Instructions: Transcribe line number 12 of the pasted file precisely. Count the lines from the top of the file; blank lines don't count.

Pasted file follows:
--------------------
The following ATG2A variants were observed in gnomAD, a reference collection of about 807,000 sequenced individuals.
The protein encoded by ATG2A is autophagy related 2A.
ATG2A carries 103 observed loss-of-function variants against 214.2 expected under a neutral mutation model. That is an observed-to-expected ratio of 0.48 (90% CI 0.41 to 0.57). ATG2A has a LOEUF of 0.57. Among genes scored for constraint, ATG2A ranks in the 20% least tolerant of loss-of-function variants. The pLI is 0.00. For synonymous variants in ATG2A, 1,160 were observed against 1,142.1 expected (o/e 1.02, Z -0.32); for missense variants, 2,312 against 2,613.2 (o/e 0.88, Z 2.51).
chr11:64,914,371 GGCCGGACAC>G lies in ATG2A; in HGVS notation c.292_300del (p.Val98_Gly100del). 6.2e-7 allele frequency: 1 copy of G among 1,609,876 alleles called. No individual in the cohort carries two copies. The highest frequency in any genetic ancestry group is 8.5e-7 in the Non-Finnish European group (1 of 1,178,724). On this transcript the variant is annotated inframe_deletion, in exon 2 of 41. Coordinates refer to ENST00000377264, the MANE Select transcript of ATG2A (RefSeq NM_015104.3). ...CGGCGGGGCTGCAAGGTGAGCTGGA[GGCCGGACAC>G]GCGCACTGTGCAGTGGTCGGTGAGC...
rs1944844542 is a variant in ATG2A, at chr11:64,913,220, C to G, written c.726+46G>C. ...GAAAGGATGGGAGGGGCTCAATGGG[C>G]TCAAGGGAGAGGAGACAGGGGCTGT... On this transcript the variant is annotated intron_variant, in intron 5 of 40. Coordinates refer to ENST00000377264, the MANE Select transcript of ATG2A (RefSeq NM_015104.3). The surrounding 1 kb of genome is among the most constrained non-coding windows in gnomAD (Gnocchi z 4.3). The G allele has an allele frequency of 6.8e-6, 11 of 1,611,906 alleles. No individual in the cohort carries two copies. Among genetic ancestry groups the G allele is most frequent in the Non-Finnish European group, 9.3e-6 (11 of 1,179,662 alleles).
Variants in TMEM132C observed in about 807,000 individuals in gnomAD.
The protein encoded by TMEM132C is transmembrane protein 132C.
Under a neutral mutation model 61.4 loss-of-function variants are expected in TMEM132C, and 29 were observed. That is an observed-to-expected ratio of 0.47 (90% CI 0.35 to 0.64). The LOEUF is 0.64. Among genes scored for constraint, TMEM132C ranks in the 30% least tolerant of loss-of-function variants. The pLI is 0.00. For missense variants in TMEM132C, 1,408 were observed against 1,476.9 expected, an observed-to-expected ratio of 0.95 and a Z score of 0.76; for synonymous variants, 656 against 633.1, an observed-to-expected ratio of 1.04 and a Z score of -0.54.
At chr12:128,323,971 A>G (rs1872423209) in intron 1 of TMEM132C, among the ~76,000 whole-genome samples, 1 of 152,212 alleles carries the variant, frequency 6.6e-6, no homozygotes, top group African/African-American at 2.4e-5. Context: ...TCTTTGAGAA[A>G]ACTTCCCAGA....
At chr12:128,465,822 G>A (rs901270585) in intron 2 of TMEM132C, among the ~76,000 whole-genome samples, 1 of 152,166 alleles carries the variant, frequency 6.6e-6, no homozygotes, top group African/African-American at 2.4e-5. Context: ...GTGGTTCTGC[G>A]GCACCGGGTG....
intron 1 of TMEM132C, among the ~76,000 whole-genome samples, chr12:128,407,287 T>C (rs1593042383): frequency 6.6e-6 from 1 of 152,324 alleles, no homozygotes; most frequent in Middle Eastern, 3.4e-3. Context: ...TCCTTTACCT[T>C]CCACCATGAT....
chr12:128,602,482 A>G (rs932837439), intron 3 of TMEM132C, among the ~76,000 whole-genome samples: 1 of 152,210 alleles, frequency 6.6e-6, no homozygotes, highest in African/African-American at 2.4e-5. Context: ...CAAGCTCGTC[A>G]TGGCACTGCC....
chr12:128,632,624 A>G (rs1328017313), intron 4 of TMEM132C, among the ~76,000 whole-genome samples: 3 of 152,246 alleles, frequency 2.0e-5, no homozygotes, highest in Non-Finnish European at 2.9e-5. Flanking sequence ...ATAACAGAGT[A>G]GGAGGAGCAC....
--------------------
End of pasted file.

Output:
chr12:128,602,482 A>G (rs932837439), intron 3 of TMEM132C, among the ~76,000 whole-genome samples: 1 of 152,210 alleles, frequency 6.6e-6, no homozygotes, highest in African/African-American at 2.4e-5. Context: ...CAAGCTCGTC[A>G]TGGCACTGCC....